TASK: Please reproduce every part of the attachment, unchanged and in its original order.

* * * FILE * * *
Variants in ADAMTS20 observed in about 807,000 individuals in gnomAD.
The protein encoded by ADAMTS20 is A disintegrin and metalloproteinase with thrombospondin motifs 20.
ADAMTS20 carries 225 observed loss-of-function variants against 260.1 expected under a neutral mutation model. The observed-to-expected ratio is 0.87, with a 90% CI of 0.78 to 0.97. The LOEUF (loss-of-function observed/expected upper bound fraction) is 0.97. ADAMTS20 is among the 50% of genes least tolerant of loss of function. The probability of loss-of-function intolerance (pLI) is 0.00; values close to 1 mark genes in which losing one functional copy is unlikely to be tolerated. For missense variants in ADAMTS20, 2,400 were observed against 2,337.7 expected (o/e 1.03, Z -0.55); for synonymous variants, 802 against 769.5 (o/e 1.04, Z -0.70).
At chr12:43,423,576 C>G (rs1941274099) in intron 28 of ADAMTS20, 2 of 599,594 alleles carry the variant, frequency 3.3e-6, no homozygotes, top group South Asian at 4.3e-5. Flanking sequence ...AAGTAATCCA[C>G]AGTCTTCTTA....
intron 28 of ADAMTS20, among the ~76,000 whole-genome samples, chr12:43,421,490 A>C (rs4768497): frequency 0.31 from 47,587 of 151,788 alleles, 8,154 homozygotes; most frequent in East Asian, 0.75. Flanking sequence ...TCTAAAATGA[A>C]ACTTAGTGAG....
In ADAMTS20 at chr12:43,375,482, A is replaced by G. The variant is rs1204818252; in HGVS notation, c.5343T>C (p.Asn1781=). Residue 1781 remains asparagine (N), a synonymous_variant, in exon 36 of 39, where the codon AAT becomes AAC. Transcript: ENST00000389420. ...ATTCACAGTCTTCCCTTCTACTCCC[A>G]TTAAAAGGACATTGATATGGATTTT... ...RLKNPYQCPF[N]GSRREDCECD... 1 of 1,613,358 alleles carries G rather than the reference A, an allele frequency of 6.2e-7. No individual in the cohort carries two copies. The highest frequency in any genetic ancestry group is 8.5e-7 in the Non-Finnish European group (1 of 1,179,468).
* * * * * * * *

Variants in ADAMTS20 observed in about 807,000 individuals in gnomAD.
The protein encoded by ADAMTS20 is A disintegrin and metalloproteinase with thrombospondin motifs 20.
ADAMTS20 carries 225 observed loss-of-function variants against 260.1 expected under a neutral mutation model. The observed-to-expected ratio is 0.87, with a 90% CI of 0.78 to 0.97. The LOEUF (loss-of-function observed/expected upper bound fraction) is 0.97. ADAMTS20 is among the 50% of genes least tolerant of loss of function. The probability of loss-of-function intolerance (pLI) is 0.00; values close to 1 mark genes in which losing one functional copy is unlikely to be tolerated. For missense variants in ADAMTS20, 2,400 were observed against 2,337.7 expected (o/e 1.03, Z -0.55); for synonymous variants, 802 against 769.5 (o/e 1.04, Z -0.70).
At chr12:43,423,576 C>G (rs1941274099) in intron 28 of ADAMTS20, 2 of 599,594 alleles carry the variant, frequency 3.3e-6, no homozygotes, top group South Asian at 4.3e-5. Flanking sequence ...AAGTAATCCA[C>G]AGTCTTCTTA....
intron 28 of ADAMTS20, among the ~76,000 whole-genome samples, chr12:43,421,490 A>C (rs4768497): frequency 0.31 from 47,587 of 151,788 alleles, 8,154 homozygotes; most frequent in East Asian, 0.75. Flanking sequence ...TCTAAAATGA[A>C]ACTTAGTGAG....
In ADAMTS20 at chr12:43,375,482, A is replaced by G. The variant is rs1204818252; in HGVS notation, c.5343T>C (p.Asn1781=). Residue 1781 remains asparagine (N), a synonymous_variant, in exon 36 of 39, where the codon AAT becomes AAC. Transcript: ENST00000389420. ...ATTCACAGTCTTCCCTTCTACTCCC[A>G]TTAAAAGGACATTGATATGGATTTT... ...RLKNPYQCPF[N]GSRREDCECD... 1 of 1,613,358 alleles carries G rather than the reference A, an allele frequency of 6.2e-7. No individual in the cohort carries two copies. The highest frequency in any genetic ancestry group is 8.5e-7 in the Non-Finnish European group (1 of 1,179,468).